The Crown Office took the highly unusual step of issuing a detailed statement, citing as "wholly unfounded" reports in the media that Boruc was cautioned because he blessed himself at an Old Firm game - a claim that drew strong criticism from politicians including Ruth Kelly, Communities Secretary, and the Catholic Church in Scotland.
The statement said the player was cautioned for making gestures that incited trouble at the game in February.
Last night the representatives of the Roman Catholic Church in Scotland welcomed the clarification. However, Scottish National Party leader, Alex Salmond, has written to the Lord Advocate, Lord Boyd, claiming the Crown Office had "bungled" the affair.
In its statement, the Crown Office said: "On 12 February 2006, just prior to the start of the second half of a Celtic v Rangers football game, Artur Boruc, the Celtic goalkeeper, was seen by members of the public and police officers to bless himself.
"Witnesses describe him smiling or laughing at a Rangers section of the crowd and making 'come on' gestures.
"This action appeared to incense a section of the crowd to react in such a way that police officers and security personnel had to become involved to calm the situation. The police have reported it took ten minutes to restore normality in the crowd."
The statement also explained that the procurator fiscal took the view that criminal proceedings were not necessary, which is why it was dealt with by way of an alternative to prosecution.
"In using that alternative she [the fiscal] made it clear in writing to Boruc that it was his alleged gesticulating to Rangers supporters in a provocative manner which was of concern. She did not in any way refer to the act of blessing himself."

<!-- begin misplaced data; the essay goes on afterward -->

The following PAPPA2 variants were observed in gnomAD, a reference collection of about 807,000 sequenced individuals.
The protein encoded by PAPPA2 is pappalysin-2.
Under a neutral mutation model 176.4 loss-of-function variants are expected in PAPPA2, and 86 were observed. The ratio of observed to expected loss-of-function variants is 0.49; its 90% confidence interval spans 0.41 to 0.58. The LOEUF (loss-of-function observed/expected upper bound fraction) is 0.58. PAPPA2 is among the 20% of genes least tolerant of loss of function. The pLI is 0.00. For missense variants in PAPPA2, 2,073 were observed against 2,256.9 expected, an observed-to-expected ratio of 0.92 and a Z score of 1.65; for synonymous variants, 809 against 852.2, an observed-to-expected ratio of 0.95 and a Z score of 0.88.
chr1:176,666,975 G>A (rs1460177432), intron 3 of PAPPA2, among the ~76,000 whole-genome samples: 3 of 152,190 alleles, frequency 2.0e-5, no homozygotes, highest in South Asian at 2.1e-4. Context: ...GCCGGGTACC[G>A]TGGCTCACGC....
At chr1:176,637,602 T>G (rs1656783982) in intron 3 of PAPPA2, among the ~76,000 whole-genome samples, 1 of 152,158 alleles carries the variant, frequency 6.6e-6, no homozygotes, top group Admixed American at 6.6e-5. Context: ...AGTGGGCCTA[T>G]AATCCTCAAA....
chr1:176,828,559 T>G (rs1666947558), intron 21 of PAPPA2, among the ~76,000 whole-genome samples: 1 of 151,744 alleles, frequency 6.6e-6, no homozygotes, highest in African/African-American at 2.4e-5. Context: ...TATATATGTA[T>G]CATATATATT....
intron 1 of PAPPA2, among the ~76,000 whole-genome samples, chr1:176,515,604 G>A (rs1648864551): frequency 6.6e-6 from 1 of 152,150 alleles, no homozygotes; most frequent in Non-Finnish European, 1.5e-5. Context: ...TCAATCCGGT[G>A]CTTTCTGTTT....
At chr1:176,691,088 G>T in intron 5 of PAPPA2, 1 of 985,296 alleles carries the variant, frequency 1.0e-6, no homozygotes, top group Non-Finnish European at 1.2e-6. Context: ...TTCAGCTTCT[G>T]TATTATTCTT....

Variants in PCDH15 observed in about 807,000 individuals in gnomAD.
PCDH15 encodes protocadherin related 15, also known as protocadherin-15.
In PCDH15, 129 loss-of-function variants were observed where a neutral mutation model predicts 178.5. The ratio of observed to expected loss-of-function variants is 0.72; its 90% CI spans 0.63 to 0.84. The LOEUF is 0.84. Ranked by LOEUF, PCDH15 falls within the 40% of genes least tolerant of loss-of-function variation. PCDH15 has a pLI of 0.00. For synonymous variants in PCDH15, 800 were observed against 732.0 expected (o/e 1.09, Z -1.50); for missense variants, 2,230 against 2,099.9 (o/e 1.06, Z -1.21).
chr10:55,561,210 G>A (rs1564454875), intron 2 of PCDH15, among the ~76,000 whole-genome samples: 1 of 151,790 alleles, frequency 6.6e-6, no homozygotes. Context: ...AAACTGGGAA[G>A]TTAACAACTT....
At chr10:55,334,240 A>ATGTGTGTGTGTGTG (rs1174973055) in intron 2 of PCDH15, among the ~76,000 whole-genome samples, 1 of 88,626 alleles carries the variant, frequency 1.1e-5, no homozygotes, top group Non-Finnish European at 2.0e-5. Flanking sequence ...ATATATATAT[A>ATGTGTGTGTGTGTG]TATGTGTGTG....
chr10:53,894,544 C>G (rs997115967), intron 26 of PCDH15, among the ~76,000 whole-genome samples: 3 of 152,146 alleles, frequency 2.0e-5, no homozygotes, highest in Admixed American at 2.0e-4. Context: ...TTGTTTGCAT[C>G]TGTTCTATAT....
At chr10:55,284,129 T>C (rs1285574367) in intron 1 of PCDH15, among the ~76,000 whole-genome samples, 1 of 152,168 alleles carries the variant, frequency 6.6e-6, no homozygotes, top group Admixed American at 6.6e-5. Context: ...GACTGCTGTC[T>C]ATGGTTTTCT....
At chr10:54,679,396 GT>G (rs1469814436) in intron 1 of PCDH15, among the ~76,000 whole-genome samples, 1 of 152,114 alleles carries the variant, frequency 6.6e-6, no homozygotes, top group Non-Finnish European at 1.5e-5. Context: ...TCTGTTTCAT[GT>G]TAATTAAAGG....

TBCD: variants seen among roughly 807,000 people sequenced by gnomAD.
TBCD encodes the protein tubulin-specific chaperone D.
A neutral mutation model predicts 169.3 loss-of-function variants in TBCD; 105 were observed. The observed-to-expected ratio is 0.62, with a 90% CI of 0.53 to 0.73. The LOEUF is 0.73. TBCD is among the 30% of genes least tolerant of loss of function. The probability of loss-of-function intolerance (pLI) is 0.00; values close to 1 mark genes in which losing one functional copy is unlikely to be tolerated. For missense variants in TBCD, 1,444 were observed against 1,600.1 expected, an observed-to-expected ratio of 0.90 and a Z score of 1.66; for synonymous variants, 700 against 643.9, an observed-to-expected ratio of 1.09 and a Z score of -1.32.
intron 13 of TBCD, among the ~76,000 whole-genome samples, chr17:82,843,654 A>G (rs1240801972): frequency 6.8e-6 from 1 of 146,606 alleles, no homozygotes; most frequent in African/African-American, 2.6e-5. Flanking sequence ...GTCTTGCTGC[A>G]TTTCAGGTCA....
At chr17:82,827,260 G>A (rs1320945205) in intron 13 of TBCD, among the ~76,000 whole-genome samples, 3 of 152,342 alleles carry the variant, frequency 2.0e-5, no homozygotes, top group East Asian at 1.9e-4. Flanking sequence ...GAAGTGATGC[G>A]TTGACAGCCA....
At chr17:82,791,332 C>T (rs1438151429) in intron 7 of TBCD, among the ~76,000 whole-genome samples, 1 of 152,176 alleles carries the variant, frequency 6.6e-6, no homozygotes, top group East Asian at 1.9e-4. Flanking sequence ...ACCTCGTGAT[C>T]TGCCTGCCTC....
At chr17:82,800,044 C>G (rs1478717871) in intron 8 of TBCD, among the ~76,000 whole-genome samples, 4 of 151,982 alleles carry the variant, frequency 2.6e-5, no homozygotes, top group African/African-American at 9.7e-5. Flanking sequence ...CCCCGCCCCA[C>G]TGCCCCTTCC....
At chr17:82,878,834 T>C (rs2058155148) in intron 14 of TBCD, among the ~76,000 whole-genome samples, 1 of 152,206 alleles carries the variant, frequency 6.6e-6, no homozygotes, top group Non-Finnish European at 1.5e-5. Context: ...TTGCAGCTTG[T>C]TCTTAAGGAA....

It concluded: "We would wish to make it absolutely clear that the prosecution service in Scotland fully respects religious belief and practices and would not countenance formal action against individuals for acts of religious observance, but we would equally make clear that the police and prosecutors cannot ignore conduct which appears to be inciting disorder."
Roman Catholic bishop Joseph Devine, communications chief for the Bishops' Conference of Scotland, said: "The Crown Office statement that they fully respect religious beliefs and practices and would not countenance formal action against individuals for acts of religious observance is both welcome and reassuring."
Yesterday Jack McConnell, the First Minister, said the situation had been "misinterpreted" and called for emphasis on the positives about Scottish football.
Meanwhile, Dennis Canavan, the independent MSP for Falkirk West, lodged a question in parliament asking for guidelines to prosecutors outlining "the circumstances, if any, whereby making the sign of the cross may constitute a criminal offence".